Father Jake Laboon, S.J. (1922-1988)

There are two American Jesuits for whom the Navy has named ships, Father Joseph T. O’Callahan and Father John Francis (“Jake”) Laboon, who passed away on this day in 1988. The following is taken from the website of the USS Jake Laboon:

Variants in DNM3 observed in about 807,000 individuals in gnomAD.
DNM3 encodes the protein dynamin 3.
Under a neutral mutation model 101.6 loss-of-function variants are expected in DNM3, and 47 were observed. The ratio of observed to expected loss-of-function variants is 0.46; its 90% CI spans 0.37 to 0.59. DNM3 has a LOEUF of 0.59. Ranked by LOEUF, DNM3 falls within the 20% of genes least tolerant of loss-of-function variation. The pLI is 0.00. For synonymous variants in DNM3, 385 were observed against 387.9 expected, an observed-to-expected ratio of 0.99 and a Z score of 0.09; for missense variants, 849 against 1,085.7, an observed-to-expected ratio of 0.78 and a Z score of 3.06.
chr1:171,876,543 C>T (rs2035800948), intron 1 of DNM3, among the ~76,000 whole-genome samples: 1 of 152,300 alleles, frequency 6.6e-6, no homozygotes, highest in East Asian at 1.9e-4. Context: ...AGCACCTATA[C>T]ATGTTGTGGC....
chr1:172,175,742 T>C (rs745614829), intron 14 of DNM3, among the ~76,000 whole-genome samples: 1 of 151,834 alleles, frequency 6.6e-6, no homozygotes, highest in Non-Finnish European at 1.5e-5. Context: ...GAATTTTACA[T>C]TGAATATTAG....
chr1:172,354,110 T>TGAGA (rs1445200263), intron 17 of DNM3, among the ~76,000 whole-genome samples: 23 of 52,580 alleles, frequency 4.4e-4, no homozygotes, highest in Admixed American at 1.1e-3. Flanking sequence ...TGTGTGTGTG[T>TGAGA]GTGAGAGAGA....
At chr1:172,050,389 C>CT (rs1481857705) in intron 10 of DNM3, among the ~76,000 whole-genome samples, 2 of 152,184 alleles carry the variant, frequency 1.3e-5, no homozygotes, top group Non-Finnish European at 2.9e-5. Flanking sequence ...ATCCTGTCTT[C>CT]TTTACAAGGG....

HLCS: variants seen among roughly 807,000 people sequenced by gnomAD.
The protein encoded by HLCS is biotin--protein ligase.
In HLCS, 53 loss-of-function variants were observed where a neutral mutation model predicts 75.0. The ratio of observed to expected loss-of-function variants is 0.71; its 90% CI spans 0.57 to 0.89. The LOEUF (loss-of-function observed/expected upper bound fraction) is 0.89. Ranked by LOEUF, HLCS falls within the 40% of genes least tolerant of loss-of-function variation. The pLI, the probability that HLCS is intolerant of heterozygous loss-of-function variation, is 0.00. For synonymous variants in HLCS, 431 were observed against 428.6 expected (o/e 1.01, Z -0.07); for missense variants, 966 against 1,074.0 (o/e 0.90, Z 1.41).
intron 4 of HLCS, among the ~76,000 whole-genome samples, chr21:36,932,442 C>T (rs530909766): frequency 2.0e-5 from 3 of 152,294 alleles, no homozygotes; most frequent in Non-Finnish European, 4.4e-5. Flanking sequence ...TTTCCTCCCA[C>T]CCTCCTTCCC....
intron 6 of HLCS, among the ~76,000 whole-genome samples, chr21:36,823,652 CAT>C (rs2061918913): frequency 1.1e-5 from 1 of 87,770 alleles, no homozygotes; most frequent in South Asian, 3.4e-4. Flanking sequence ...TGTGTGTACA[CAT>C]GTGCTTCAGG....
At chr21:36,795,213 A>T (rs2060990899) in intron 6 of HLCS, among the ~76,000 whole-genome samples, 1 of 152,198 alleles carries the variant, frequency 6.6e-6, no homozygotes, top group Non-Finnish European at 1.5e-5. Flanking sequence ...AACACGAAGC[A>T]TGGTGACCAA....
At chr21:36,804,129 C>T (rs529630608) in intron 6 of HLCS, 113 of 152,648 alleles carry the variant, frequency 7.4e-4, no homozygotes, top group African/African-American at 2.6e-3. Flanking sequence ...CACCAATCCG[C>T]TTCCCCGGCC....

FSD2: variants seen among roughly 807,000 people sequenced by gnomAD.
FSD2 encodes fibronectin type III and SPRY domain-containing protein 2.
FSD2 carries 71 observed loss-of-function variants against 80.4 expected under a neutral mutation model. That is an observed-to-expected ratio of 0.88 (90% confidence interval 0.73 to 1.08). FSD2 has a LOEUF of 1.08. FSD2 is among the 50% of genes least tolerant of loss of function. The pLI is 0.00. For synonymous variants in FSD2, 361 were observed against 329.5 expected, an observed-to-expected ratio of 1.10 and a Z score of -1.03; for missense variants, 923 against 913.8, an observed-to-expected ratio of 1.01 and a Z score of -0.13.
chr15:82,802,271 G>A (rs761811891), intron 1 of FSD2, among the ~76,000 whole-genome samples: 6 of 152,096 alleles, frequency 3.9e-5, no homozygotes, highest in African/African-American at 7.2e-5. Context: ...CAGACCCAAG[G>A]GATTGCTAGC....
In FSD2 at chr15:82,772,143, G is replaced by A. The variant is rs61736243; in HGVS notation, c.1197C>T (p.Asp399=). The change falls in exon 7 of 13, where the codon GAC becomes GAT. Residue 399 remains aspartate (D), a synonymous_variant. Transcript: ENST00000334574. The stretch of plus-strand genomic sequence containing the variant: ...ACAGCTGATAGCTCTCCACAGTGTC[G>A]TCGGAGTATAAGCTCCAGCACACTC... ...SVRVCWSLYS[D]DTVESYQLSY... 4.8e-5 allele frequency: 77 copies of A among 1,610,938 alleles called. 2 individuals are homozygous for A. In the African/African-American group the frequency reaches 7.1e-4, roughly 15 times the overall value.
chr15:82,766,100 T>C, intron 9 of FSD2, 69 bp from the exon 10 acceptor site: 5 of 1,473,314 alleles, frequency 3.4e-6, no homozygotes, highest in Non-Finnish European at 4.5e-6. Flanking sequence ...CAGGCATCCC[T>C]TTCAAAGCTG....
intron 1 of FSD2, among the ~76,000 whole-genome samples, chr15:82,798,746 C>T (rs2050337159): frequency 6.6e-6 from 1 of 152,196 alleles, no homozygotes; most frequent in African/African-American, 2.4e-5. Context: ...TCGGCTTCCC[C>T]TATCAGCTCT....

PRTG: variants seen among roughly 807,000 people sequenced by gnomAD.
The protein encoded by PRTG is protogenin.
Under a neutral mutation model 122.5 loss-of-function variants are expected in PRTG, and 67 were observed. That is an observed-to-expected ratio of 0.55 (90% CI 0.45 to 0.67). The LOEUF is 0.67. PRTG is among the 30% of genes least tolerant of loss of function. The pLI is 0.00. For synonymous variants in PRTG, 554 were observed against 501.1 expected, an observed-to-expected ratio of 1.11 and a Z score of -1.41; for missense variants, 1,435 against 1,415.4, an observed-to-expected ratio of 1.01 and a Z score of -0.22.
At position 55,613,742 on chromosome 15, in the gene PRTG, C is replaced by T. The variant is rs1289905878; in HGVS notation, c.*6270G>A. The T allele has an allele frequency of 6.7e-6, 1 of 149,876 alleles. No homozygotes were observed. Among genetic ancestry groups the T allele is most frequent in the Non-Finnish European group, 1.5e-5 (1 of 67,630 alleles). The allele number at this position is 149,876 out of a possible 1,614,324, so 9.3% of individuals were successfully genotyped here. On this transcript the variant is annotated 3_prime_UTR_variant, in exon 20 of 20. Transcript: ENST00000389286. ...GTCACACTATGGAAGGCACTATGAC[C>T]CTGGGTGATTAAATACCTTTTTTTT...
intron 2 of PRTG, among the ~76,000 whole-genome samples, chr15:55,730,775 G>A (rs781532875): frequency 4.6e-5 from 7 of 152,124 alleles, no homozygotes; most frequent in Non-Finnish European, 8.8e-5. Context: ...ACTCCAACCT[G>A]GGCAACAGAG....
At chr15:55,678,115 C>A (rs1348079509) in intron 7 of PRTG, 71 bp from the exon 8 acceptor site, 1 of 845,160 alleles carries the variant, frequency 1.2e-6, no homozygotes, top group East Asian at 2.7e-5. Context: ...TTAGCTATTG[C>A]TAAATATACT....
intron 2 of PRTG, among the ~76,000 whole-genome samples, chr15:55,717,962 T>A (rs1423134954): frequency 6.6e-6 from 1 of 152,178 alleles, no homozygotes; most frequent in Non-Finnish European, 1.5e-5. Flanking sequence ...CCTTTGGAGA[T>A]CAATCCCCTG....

USS LABOON honors the distinguished career of Captain John Francis “Jake” Laboon, Chaplain Corps, U.S. Navy. Known to most simply as “Father Jake”, he devoted his life to service to God, Country and the Navy. A Football star at the National Championship Lacrosse All American, Laboon Graduated from the U.S. Naval Academy as a member of the class of 1944. Assigned to the submarine USS PETO (SS 265) then Lieutenant Junior Grade Laboon won the Silver Star for bravery for diving from his moving submarine to rescue a downed aviator under heavy enemy fire. At the close of World War II, Lieutenant Laboon left the Navy to become a Jesuit priest. In 1958 Father Laboon returned to the Navy he loved so much as a member of the Chaplain Corps. Over the next 21 years, he served in virtually every branch of the Navy and Marine Corps. His assignments included tours in Alaska, Hawaii, Japan and Vietnam. As Chaplain with the Marines in Vietnam, Father Laboon earned a Legion of Merit with Combat “V”. In addition to his heroic service in two wars, Father Laboon became the first chaplain for the Polaris Submarine Program and later became the Senior Catholic Chaplain at the Naval Academy. The Naval Academy has honored Father Laboon by renaming the Chaplain’s Center in his honor. When he retired in 1979, Captain Laboon was the Fleet Chaplain, Atlantic Fleet. When his naval career ended, Father Laboon returned to Annapolis as the house manager for the Jesuit retreat facility, Manresa-on-Severn. His final tour of duty was as pastor of St. Alphonsus Rodriguez Church in Woodstock, Maryland. When he passed away in 1988, Father Jake left behind countless service members and their families whose lives he had touched with his compassion and understanding. His courage and genuine concern for all his shipmates was then, is now, and will forever remain an extraordinary example for young sailors and marines everywhere.

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